Lafayette leaders want answers about water usage for IEDC’s Boone County tech park

The Wabash River in Lafayette, October 2022 (Eric Learned/IBJ photo).

A group of elected officials, business leaders and community members in the greater Lafayette area are drafting a letter to the Indiana Economic Development Corp. seeking more answers about the state’s plans to draw water from the Wabash River aquifer to service the planned LEAP District in Boone County.

Lafayette Mayor Tony Roswarski said he assembled the working group after learning about the IEDC’s plans to draw as much as 100 million gallons of water per day from the Wabash River aquifer and pump it via a 35-mile pipeline to the LEAP manufacturing and technology hub.

“I want to make it clear: I am not against the LEAP development and I am not against economic development,” Roswarski said. “My concern is the amount of water used and how it could impact the aquifer in a way that is negative for our community.”

Stanton Lambert, executive director of the Wabash River Enhancement Corp., a Lafayette-based nonprofit formed by three local governments and Purdue University in 2004 with the goal of improving environmental and economic conditions in the Wabash River corridor, said his organization has long-term water usage concerns.

“There are many questions and issues that present themselves when considering the impact of the IEDC initiative,” Lambert said. “It may be that this plan has no negative impacts, but locally we want to make sure this is the case before the plan is implemented, rather than deal with the negative impacts after the fact.”

The IEDC has about 6,000 acres of land under contract to develop the tech hub, but the district could be as large as 11,000 acres by the time it is complete, the agency said. Eli Lilly is investing $2.1 billion to build two manufacturing plants there, and the IEDC is actively pursuing companies in the microelectronics, semiconductor, advanced manufacturing and life-sciences industries to locate their operations in the district.

The project has faced backlash from some local residents who were angered to learn that the IEDC was quietly purchasing thousands of acres of farmland for the large-scale technology park. Eleven landowners in Boone County filed legal action Tuesday against the city of Lebanon claiming it illegally annexed 5,200 acres of land for the LEAP District in violation of state and local zoning law.

Earlier this week, two Indiana Democrats raised concerns about the amount of discretion afforded to the state’s job creation agency, which is seeking $300 million for an annual deal-closing fund along with a one-time $150 million allocation for a land acquisition fund.

Republican Sen. Ron Alting, who has represented Tippecanoe County since 1998, outright opposes the pipeline.

“It’s not personal, it’s political,” Alting said. “I’m a huge supporter of the IEDC, but it seems like they put the cart before the horse. They should have thought about that water challenge before they started signing businesses to come in.”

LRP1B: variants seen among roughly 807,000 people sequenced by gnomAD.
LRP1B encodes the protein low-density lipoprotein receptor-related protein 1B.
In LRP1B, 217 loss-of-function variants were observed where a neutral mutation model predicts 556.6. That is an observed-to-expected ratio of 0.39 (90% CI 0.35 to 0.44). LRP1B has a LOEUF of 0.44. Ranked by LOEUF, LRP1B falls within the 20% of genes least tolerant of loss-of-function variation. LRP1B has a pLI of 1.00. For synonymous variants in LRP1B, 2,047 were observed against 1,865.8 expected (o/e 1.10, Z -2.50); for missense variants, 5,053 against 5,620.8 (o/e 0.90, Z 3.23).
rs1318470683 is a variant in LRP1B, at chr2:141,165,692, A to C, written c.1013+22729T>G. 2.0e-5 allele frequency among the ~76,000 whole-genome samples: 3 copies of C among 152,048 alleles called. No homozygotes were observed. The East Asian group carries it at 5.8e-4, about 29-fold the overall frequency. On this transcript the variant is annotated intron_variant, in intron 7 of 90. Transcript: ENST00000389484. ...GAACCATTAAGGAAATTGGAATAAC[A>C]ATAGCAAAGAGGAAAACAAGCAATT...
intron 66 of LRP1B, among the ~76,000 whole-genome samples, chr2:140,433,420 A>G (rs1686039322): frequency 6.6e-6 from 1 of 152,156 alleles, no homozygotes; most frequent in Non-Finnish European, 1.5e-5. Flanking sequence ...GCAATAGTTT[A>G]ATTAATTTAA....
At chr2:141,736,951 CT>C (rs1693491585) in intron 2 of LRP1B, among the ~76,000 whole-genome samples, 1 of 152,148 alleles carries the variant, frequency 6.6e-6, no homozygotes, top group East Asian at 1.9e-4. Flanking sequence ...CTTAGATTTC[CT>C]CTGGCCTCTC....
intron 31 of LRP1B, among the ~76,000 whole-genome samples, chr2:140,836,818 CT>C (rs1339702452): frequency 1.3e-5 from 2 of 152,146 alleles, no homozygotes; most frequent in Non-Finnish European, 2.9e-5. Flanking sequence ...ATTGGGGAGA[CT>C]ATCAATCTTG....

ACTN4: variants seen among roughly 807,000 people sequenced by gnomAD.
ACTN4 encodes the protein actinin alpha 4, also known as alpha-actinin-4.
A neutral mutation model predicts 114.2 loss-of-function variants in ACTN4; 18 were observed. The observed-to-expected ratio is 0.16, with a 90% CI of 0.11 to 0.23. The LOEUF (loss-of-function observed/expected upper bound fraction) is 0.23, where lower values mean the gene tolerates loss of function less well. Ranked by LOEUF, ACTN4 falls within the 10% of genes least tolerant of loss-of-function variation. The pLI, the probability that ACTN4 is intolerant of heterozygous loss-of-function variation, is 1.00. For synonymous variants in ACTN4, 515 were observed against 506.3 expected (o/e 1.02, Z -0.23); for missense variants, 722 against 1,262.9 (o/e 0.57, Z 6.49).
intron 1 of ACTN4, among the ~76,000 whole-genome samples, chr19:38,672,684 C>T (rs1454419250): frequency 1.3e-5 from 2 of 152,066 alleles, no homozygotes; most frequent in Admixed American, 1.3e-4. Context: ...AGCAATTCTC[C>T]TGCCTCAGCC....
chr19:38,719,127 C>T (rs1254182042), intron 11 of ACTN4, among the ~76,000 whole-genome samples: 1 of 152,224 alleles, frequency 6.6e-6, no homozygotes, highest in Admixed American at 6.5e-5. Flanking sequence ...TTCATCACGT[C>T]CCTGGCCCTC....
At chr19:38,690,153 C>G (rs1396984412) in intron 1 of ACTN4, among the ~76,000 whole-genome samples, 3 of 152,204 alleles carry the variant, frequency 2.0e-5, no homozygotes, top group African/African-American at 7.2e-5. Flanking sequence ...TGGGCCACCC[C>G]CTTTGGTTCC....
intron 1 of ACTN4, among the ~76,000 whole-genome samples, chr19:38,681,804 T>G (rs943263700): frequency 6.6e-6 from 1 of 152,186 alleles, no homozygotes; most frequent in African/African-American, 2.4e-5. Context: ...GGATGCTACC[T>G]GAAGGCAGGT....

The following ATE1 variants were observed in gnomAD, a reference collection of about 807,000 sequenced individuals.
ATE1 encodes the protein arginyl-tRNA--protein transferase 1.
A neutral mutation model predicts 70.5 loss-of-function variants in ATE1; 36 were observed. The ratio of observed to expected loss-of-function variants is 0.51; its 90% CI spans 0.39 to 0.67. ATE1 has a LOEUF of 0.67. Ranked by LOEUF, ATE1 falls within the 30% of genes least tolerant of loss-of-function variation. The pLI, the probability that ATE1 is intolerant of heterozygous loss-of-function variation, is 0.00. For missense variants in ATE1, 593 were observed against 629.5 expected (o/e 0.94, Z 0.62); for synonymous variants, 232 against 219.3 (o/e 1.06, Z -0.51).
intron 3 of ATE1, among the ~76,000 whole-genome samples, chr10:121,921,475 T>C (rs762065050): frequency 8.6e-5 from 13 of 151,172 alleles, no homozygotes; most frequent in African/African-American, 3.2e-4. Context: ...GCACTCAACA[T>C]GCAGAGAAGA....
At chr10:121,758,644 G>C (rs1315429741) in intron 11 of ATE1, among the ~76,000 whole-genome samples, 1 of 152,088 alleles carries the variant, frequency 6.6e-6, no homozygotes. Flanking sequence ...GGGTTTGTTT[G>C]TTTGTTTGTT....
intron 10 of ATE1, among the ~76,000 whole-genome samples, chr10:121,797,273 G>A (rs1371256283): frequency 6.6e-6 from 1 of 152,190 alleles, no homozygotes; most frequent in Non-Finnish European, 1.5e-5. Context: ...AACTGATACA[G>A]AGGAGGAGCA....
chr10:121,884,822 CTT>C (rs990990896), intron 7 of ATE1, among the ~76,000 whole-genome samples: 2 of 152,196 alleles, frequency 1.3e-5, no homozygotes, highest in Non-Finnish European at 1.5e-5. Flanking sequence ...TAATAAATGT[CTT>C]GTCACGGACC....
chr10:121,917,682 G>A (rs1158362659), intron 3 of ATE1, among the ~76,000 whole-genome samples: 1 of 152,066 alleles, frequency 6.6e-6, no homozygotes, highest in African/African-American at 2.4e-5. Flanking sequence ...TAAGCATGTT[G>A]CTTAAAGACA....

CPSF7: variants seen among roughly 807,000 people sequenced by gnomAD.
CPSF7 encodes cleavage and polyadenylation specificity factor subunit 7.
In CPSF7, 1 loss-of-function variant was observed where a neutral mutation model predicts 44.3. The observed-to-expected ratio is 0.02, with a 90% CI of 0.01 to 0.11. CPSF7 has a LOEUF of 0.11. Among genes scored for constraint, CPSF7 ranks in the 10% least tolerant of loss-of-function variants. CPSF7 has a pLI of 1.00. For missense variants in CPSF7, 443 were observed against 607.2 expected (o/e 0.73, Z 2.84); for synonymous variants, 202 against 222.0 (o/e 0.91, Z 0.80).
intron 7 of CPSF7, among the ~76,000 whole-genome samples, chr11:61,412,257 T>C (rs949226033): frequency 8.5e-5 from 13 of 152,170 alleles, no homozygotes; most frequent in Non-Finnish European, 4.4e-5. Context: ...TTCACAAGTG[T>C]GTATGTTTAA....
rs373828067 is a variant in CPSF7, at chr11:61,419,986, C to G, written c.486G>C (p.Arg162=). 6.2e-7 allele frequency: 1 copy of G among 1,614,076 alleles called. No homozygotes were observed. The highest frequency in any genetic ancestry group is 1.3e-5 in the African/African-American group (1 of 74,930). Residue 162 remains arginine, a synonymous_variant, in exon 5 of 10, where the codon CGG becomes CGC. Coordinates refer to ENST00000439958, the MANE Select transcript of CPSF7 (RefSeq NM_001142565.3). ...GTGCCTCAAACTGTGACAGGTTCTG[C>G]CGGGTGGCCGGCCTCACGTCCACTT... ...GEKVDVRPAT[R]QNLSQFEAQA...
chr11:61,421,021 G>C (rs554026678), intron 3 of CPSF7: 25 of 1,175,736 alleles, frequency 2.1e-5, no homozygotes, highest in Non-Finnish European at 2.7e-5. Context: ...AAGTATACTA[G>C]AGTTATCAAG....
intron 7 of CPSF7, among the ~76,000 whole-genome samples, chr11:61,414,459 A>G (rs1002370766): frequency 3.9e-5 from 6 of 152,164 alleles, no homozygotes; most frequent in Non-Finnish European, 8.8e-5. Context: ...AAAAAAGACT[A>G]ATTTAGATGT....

IEDC officials have said that one of the early drivers of the LEAP District location was addressing the long-term water availability needs of central Indiana.

“The reason we are targeting the Wabash Alluvial Aquifer is because it is recharged by the Wabash River, providing a stable source of water,” Erin Sweitzer, IEDC’s vice president of communications, said in an email. “By tapping into the aquifer, we should manage any potential impact to the Wabash River, and we are installing water level recorders in the vicinity of the wells to track changes in stream and aquifer levels.”

Sweitzer said the agency is currently conducting design and engineering studies and has installed water level recorders in the vicinity of wells in the area to track changes in stream and aquifer levels.

The IEDC has had several meetings with Lafayette officials to hear their concerns, she added.

“Per law, and fundamental good public policy, we will not pull so much water that we adversely affect those attached to the aquifer or inhibit the growth of the Greater Lafayette region,” Sweitzer said.

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3 thoughts on “Lafayette leaders want answers about water usage for IEDC’s Boone County tech park

  1. So what happens if the pipeline can’t be implemented for whatever reason? How much is 100 million gallons of water per day in terms of the existing aquifer level – will this drain it over time? is this 10% , 50%, 200% of the current draw on that aquifer?

    1. I am on a private well in Boone Co and live close to where Lebanon pulls water. During hot dry summers, Lebanon has caused my well to go dry at the current usage rate.

  2. Other counties are working to protect their water resources from this boondoggle. IEDC will take one on the chin when the development costs of this land grab become public knowledge.

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